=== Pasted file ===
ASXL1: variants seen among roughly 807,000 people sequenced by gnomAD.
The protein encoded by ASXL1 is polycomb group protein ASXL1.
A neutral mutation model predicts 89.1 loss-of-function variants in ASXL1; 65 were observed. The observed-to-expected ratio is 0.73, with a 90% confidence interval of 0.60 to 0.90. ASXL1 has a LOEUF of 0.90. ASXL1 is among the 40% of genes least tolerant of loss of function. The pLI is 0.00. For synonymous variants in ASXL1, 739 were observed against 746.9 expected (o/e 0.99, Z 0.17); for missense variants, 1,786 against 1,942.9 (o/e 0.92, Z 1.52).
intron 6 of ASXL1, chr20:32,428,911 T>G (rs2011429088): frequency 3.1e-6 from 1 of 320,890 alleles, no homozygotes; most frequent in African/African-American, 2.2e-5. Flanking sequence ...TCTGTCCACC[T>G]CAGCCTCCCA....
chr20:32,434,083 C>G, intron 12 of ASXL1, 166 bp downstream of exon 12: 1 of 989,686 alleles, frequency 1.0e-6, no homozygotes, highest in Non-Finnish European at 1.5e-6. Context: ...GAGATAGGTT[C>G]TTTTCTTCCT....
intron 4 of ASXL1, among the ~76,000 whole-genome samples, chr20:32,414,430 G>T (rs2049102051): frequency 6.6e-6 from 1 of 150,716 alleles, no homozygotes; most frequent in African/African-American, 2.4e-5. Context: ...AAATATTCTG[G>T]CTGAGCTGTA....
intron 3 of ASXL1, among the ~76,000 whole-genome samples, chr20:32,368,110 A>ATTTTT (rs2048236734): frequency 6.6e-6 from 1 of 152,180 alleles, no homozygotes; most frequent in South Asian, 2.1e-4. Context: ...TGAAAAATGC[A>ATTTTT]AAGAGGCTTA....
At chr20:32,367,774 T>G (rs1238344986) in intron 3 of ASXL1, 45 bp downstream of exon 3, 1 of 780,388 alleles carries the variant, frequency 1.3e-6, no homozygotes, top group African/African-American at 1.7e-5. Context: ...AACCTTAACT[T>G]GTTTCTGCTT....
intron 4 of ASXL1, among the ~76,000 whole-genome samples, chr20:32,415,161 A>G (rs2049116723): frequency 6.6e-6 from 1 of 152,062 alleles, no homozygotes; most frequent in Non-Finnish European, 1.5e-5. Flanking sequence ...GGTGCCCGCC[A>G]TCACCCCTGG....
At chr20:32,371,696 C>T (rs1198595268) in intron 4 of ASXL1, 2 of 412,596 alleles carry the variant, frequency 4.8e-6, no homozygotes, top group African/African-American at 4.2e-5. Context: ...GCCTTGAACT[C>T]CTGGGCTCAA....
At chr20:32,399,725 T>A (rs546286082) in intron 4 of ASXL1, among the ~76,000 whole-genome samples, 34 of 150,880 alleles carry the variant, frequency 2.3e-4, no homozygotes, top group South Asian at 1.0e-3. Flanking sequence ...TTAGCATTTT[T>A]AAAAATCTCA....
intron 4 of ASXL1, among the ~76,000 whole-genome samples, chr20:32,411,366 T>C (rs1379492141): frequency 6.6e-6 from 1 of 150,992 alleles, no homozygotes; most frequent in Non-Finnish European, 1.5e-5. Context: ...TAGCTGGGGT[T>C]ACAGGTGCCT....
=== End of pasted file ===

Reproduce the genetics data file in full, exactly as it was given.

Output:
ASXL1: variants seen among roughly 807,000 people sequenced by gnomAD.
The protein encoded by ASXL1 is polycomb group protein ASXL1.
A neutral mutation model predicts 89.1 loss-of-function variants in ASXL1; 65 were observed. The observed-to-expected ratio is 0.73, with a 90% confidence interval of 0.60 to 0.90. ASXL1 has a LOEUF of 0.90. ASXL1 is among the 40% of genes least tolerant of loss of function. The pLI is 0.00. For synonymous variants in ASXL1, 739 were observed against 746.9 expected (o/e 0.99, Z 0.17); for missense variants, 1,786 against 1,942.9 (o/e 0.92, Z 1.52).
intron 6 of ASXL1, chr20:32,428,911 T>G (rs2011429088): frequency 3.1e-6 from 1 of 320,890 alleles, no homozygotes; most frequent in African/African-American, 2.2e-5. Flanking sequence ...TCTGTCCACC[T>G]CAGCCTCCCA....
chr20:32,434,083 C>G, intron 12 of ASXL1, 166 bp downstream of exon 12: 1 of 989,686 alleles, frequency 1.0e-6, no homozygotes, highest in Non-Finnish European at 1.5e-6. Context: ...GAGATAGGTT[C>G]TTTTCTTCCT....
intron 4 of ASXL1, among the ~76,000 whole-genome samples, chr20:32,414,430 G>T (rs2049102051): frequency 6.6e-6 from 1 of 150,716 alleles, no homozygotes; most frequent in African/African-American, 2.4e-5. Context: ...AAATATTCTG[G>T]CTGAGCTGTA....
intron 3 of ASXL1, among the ~76,000 whole-genome samples, chr20:32,368,110 A>ATTTTT (rs2048236734): frequency 6.6e-6 from 1 of 152,180 alleles, no homozygotes; most frequent in South Asian, 2.1e-4. Context: ...TGAAAAATGC[A>ATTTTT]AAGAGGCTTA....
At chr20:32,367,774 T>G (rs1238344986) in intron 3 of ASXL1, 45 bp downstream of exon 3, 1 of 780,388 alleles carries the variant, frequency 1.3e-6, no homozygotes, top group African/African-American at 1.7e-5. Context: ...AACCTTAACT[T>G]GTTTCTGCTT....
intron 4 of ASXL1, among the ~76,000 whole-genome samples, chr20:32,415,161 A>G (rs2049116723): frequency 6.6e-6 from 1 of 152,062 alleles, no homozygotes; most frequent in Non-Finnish European, 1.5e-5. Flanking sequence ...GGTGCCCGCC[A>G]TCACCCCTGG....
At chr20:32,371,696 C>T (rs1198595268) in intron 4 of ASXL1, 2 of 412,596 alleles carry the variant, frequency 4.8e-6, no homozygotes, top group African/African-American at 4.2e-5. Context: ...GCCTTGAACT[C>T]CTGGGCTCAA....
At chr20:32,399,725 T>A (rs546286082) in intron 4 of ASXL1, among the ~76,000 whole-genome samples, 34 of 150,880 alleles carry the variant, frequency 2.3e-4, no homozygotes, top group South Asian at 1.0e-3. Flanking sequence ...TTAGCATTTT[T>A]AAAAATCTCA....
intron 4 of ASXL1, among the ~76,000 whole-genome samples, chr20:32,411,366 T>C (rs1379492141): frequency 6.6e-6 from 1 of 150,992 alleles, no homozygotes; most frequent in Non-Finnish European, 1.5e-5. Context: ...TAGCTGGGGT[T>C]ACAGGTGCCT....